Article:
Wednesday, November 1, 2017

Novels With Nell - When Breath Becomes Air

Happy hump day y'all! I have definitely been using the beginning of this week to knock out tons of work that needs to be done while also attempting to make my bedtime a bit earlier each day. This has made my time spent reading shorter and shorter. Leave it to Nell however, to have me add another book to my list as my time to read seems to get shorter. i would certainly rather have an expansive list than feel like there is nothing out there that I want to read. Nell and I have talked about this suggestion of hers before and it is one that seems like it would serve as a great reminder to take advantage of what is happening in your life now.

I’m questioning whether “Novels with Nell” is an appropriate title for this segment anymore because lately I’ve been on a bit of a nonfiction kick. When Breath Becomes Air is deep. It’s thought-provoking. It’s moving. It made my cry. And I loved it. I received this book as a birthday present, with my grandmother thinking of me due to the medical aspect of the book. (I’m hoping to go to PA school). The author was a young and accomplished neurosurgeon just getting into the “good stuff” of his career when he received a devastating cancer diagnosis. He questions what it is that really matters in life. It made me think, “What would I do if all of a sudden, my life, which I’ve been taking for granted will last (hopefully) at least 60 more years, was shortened to one year left, or two years left, in an instant? What if that happened to a loved one? Do I think what I’m doing now is worth doing? Am I getting caught up in the ultimately meaningless things of life rather than the meaningful? What are my values and does my life reflect them?”

I wasn’t lying when I said it was thought-provoking. As a young adult (as I assume most of you are or are around that age), I don’t think about my mortality on a regular basis. I think it’s better to live in the present rather than spend your life anticipating the future or living in the past. However, this book gave me the pulse check we all need to take every once in a while. Take a step back from your daily tasks, look at the bigger picture of your life, and see what you think of who you are, the person you’re becoming, how you treat people. (Because I really think relationships are the most valuable part of life). Make adjustments if they’re necessary. You don’t want to get to the end and realize you missed out on what really matters.

Dr. Kalanithi passed away before finishing the book, but I think his message is clear and touching. Don’t just take my word for it. See all the accolades it has accumulated below. This is a book that you won’t soon forget.

#1 NEW YORK TIMES BESTSELLER • PULITZER PRIZE FINALIST • This inspiring, exquisitely observed memoir finds hope and beauty in the face of insurmountable odds as an idealistic young neurosurgeon attempts to answer the question What makes a life worth living?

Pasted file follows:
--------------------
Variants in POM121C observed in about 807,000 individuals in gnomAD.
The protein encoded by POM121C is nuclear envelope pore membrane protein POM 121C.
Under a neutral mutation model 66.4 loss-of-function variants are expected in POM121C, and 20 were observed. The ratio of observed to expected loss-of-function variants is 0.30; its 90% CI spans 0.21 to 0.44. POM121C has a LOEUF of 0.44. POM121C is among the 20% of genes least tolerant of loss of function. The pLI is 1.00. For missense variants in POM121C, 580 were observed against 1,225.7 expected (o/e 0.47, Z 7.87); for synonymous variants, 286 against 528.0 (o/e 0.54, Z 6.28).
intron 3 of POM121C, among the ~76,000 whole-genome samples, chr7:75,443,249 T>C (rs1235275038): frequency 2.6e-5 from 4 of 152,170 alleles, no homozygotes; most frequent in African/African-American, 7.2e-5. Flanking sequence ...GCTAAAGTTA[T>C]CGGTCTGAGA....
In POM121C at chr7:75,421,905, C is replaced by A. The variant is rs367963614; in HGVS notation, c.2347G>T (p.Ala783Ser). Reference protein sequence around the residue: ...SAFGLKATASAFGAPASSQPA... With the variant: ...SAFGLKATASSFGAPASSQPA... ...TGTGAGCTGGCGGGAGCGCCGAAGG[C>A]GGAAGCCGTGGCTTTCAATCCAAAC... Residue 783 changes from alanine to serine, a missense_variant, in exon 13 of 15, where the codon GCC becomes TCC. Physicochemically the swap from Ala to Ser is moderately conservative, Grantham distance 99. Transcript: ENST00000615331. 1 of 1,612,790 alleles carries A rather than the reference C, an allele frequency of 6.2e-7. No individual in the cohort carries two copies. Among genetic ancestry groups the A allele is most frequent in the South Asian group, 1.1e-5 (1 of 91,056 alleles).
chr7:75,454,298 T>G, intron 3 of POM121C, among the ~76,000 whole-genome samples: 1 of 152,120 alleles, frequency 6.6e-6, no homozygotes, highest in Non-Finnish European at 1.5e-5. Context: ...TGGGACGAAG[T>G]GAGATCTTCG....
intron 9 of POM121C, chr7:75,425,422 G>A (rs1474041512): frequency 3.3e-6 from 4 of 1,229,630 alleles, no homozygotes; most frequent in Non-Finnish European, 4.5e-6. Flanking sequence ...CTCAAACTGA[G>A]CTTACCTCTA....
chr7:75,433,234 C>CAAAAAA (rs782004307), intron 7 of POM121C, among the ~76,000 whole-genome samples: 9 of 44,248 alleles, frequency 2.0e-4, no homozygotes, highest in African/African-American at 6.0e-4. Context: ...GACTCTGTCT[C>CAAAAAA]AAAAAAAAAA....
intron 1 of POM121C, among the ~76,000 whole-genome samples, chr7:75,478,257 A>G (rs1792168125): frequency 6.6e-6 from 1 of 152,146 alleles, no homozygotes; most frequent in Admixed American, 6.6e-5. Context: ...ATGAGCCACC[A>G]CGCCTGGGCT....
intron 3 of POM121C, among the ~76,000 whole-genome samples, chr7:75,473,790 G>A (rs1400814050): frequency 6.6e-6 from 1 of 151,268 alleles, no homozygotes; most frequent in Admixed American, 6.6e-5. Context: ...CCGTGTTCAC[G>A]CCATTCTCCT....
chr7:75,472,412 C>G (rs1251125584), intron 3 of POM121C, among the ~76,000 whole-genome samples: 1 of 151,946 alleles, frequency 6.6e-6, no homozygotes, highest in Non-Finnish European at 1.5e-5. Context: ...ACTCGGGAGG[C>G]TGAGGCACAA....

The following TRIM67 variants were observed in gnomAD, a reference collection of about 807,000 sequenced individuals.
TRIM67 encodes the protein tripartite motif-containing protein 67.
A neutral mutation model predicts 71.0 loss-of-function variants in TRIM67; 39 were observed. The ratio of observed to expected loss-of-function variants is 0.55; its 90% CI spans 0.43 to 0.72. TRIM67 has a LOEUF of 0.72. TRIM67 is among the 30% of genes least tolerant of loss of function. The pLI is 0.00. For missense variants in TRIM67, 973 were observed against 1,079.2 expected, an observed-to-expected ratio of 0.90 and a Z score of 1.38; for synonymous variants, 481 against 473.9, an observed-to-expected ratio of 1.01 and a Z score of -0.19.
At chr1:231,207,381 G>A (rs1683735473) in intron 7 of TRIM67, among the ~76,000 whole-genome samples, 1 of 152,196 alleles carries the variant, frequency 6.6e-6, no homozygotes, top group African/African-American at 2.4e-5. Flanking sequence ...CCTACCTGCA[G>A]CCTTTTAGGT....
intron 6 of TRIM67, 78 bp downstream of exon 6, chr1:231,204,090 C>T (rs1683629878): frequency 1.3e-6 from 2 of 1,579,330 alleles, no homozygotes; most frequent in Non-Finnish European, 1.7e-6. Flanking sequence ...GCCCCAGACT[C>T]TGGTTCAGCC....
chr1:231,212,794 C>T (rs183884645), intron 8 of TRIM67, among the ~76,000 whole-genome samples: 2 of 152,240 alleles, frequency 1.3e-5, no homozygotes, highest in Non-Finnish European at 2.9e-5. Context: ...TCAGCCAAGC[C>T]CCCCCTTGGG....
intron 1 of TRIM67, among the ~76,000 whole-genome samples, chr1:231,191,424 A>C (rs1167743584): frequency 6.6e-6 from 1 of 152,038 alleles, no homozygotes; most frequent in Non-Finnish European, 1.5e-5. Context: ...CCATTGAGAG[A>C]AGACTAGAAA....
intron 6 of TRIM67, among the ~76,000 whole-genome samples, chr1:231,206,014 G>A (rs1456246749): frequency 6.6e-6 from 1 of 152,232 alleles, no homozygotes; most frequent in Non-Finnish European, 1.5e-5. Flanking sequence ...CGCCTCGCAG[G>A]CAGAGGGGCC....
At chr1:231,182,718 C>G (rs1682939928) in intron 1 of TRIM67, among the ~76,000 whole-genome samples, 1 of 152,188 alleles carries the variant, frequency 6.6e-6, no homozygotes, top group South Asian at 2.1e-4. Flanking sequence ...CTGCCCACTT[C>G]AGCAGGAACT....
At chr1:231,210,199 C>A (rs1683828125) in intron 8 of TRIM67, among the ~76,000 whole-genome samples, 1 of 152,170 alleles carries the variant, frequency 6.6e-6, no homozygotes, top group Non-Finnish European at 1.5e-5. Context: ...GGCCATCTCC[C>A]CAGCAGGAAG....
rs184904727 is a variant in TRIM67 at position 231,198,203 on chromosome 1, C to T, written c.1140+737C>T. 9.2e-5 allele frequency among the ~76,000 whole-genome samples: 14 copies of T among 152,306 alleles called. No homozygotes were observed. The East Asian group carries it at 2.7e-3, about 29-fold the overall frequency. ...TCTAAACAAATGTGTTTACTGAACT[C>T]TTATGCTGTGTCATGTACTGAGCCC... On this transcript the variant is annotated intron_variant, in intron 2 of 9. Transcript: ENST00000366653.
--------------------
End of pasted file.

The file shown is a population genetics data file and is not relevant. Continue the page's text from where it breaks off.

The New York Times Book Review • People • NPR • The Washington Post • Slate • Harper’s Bazaar • Esquire • Time Out New York • Publishers Weekly • BookPage

Finalist for the PEN Center USA Literary Award in Creative Nonfiction and the Books for a Better Life Award in Inspirational Memoir

“At the age of thirty-six, on the verge of completing a decade’s worth of training as a neurosurgeon, Paul Kalanithi was diagnosed with stage IV lung cancer. One day he was a doctor treating the dying, and the next he was a patient struggling to live. And just like that, the future he and his wife had imagined evaporated. When Breath Becomes Air chronicles Kalanithi’s transformation from a naïve medical student “possessed,” as he wrote, “by the question of what, given that all organisms die, makes a virtuous and meaningful life” into a neurosurgeon at Stanford working in the brain, the most critical place for human identity, and finally into a patient and new father confronting his own mortality.

What makes life worth living in the face of death? What do you do when the future, no longer a ladder toward your goals in life, flattens out into a perpetual present? What does it mean to have a child, to nurture a new life as another fades away? These are some of the questions Kalanithi wrestles with in this profoundly moving, exquisitely observed memoir.

Paul Kalanithi died in March 2015, while working on this book, yet his words live on as a guide and a gift to us all. “I began to realize that coming face to face with my own mortality, in a sense, had changed nothing and everything,” he wrote. “Seven words from Samuel Beckett began to repeat in my head: ‘I can’t go on. I’ll go on.’” When Breath Becomes Air is an unforgettable, life-affirming reflection on the challenge of facing death and on the relationship between doctor and patient, from a brilliant writer who became both.”

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